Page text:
** “Concentration, strong recall skills, evolved communication skills and being a good team player are just a few of the benefits research shows music, foreign language, and physical education have on a developing mind. To me, that list reads as one I might put together for a model employee. Shortsightedness from parents who encourage our college-age children to focus on an ’employable’ major, or cutting school funding, has long-terms implications. If we truly care about the future of our kids and our country, we will think twice before cutting programs that will dwarf their (and our) potential.”

Quotable Quotes: 2/17/2014

Monday, February 17th, 2014

** “Parents deserve to have an assessment of their child’s progress that is independent of what teachers say on report cards. I also think assessing schools with test score averages is a useful exercise. But I don’t like the current fad of rating individual teachers on their students’ scores. It is too unreliable and erratic, and poisons the team spirit that is essential if a school’s faculty is to do its best work.” ~ Jay Mathews, Washington Post

** “We hear widespread calls for outcomes we can measure and for education geared to specific employment needs, but many of today’s students will hold jobs that have not yet been invented, deploying skills not yet defined. We not only need to equip them with the ability to answer the questions relevant to the world we now inhabit; we must also enable them to interpret complexity, to adapt, and to make sense of lives they never anticipated. We need a way of teaching that encourages them to develop understanding of those different from themselves, enabling constructive collaborations across national and cultural origins and identities. In other words, we need learning that incorporates what the arts teach us.” ~ Harvard President Drew Faust and Wynton Marsalis, trumpeter & composer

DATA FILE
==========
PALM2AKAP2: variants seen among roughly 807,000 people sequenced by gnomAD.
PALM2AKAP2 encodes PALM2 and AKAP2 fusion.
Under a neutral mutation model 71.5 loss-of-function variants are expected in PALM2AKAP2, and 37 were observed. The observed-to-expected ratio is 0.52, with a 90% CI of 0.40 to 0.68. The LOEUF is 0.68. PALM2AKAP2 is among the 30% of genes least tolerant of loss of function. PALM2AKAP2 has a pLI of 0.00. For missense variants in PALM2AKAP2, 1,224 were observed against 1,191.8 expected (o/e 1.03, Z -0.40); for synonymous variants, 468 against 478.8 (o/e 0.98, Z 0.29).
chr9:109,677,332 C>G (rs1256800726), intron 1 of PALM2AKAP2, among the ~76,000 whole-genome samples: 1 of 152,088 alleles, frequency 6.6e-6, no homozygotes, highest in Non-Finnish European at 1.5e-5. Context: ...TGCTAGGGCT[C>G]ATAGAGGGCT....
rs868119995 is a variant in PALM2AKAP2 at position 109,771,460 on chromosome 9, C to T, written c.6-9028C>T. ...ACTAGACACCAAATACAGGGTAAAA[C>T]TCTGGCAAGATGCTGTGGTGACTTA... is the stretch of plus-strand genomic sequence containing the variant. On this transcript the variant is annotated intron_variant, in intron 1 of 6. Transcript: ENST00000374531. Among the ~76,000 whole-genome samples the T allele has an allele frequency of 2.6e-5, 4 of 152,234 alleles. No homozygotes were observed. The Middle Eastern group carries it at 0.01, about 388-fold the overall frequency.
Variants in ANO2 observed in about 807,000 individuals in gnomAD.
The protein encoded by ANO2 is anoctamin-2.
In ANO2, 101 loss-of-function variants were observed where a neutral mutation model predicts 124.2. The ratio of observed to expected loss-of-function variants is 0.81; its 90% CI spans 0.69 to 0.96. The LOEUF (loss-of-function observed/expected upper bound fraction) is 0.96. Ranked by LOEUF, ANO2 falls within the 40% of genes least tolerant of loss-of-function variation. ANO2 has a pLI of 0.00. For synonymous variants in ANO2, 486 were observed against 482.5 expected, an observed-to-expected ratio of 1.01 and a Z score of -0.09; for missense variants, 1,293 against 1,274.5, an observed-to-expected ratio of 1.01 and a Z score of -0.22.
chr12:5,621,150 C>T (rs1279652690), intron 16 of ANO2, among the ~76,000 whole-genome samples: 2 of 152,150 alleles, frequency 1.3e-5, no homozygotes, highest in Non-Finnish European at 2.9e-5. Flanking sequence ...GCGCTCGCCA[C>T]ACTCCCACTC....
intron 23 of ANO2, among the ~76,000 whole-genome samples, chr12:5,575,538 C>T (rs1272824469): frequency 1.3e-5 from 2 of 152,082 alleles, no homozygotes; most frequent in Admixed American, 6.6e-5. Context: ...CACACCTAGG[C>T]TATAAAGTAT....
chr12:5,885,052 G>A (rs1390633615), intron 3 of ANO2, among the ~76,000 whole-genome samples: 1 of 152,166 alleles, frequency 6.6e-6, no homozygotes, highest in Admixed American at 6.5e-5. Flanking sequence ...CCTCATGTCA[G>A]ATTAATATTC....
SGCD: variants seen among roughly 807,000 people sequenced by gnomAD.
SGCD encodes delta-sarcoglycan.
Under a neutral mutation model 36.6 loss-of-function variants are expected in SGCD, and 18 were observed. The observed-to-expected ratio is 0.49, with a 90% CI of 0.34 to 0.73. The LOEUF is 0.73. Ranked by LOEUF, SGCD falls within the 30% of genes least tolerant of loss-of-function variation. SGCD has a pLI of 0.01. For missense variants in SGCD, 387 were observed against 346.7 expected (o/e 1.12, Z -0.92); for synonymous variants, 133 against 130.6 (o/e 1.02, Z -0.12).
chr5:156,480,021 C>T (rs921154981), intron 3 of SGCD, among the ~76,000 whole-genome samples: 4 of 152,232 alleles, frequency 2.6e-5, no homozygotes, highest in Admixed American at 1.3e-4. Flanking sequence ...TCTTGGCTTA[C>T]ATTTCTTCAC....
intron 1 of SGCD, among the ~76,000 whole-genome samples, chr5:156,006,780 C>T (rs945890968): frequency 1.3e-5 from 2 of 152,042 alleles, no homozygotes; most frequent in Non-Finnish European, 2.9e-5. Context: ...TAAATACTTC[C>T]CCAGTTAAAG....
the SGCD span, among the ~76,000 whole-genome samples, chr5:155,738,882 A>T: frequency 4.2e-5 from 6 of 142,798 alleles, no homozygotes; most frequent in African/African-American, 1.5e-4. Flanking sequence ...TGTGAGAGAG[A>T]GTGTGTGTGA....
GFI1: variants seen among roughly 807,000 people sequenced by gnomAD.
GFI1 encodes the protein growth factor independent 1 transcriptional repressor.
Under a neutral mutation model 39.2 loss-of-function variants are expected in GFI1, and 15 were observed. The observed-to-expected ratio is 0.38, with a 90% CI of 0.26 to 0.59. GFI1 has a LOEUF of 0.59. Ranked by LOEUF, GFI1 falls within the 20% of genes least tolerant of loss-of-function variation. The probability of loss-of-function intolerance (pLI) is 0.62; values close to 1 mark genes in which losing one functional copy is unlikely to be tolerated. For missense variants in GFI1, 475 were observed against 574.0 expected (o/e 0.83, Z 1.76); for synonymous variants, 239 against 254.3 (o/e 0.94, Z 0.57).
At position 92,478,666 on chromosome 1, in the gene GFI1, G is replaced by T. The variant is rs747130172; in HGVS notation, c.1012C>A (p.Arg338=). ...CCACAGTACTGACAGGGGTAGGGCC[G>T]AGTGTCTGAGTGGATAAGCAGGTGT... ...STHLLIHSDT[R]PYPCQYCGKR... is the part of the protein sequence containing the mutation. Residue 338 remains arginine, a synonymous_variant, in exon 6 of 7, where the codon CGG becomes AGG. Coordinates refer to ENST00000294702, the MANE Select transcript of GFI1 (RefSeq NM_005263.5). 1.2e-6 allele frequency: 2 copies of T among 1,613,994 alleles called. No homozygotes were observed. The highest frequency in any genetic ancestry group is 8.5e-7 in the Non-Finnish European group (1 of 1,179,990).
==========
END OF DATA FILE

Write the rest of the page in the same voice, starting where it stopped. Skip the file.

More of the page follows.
** “Remember when the Pennsylvania Education Department came up with different requirements every time there was a new governor? Why is that No Child Left Behind and Common Core seem so political and have nothing to do with good education? Maybe we should focus on the families and the neighborhoods students come from and how they view education. Maybe we should spend money on special programs to help students. When you cut staff, programs, and teachers in Philadelphia and then condemn the teachers because students do not learn as well, you are being really unfair. I also see social studies and critical thinking as being overlooked; sorry for my rant.” ~ D. Todd, Subscriber

Quotable Quotes: 2/10/2014

Monday, February 10th, 2014

** “Let me get this straight: School reformers, including Arne Duncan, are alienating millions of teachers and hurting countless students and their families over a teacher evaluation policy that–using their own prize methodology (ignorant that we may believe it to be)–affects 2 to 4 percent of the achievement gap? Of course, and unfortunately, Duncan’s ignoring his own department’s research is no surprise, considering he’s doing the same by pushing merit pay even though his department announced last September that out of three approved studies of a New York performance pay program, one showed across the board negative effects on student achievement; another showed negative effects in some areas and no effect in others; and a third one showed no effect at all. And that his department has previously concluded that 90% of the elements that affect student test scores are outside the control of teachers.” ~ Larry Ferlazzo, teacher and blogger